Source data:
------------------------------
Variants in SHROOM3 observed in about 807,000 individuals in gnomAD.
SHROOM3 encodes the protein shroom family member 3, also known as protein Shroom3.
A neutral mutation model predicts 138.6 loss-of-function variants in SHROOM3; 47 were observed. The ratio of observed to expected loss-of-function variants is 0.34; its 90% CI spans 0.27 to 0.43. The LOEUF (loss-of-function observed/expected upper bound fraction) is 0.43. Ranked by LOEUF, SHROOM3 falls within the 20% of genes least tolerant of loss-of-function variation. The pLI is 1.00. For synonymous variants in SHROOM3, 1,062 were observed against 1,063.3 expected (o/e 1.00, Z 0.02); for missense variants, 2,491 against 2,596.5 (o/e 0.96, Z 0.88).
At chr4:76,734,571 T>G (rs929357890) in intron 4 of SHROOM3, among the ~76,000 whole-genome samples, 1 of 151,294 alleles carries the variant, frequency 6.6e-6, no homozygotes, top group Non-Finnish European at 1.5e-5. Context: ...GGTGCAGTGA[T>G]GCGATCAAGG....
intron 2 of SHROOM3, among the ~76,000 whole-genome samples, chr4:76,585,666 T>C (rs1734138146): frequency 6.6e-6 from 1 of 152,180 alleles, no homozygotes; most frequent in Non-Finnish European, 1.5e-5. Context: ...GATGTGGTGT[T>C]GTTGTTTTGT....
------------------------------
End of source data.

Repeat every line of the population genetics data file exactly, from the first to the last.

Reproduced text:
Variants in SHROOM3 observed in about 807,000 individuals in gnomAD.
SHROOM3 encodes the protein shroom family member 3, also known as protein Shroom3.
A neutral mutation model predicts 138.6 loss-of-function variants in SHROOM3; 47 were observed. The ratio of observed to expected loss-of-function variants is 0.34; its 90% CI spans 0.27 to 0.43. The LOEUF (loss-of-function observed/expected upper bound fraction) is 0.43. Ranked by LOEUF, SHROOM3 falls within the 20% of genes least tolerant of loss-of-function variation. The pLI is 1.00. For synonymous variants in SHROOM3, 1,062 were observed against 1,063.3 expected (o/e 1.00, Z 0.02); for missense variants, 2,491 against 2,596.5 (o/e 0.96, Z 0.88).
At chr4:76,734,571 T>G (rs929357890) in intron 4 of SHROOM3, among the ~76,000 whole-genome samples, 1 of 151,294 alleles carries the variant, frequency 6.6e-6, no homozygotes, top group Non-Finnish European at 1.5e-5. Context: ...GGTGCAGTGA[T>G]GCGATCAAGG....
intron 2 of SHROOM3, among the ~76,000 whole-genome samples, chr4:76,585,666 T>C (rs1734138146): frequency 6.6e-6 from 1 of 152,180 alleles, no homozygotes; most frequent in Non-Finnish European, 1.5e-5. Context: ...GATGTGGTGT[T>C]GTTGTTTTGT....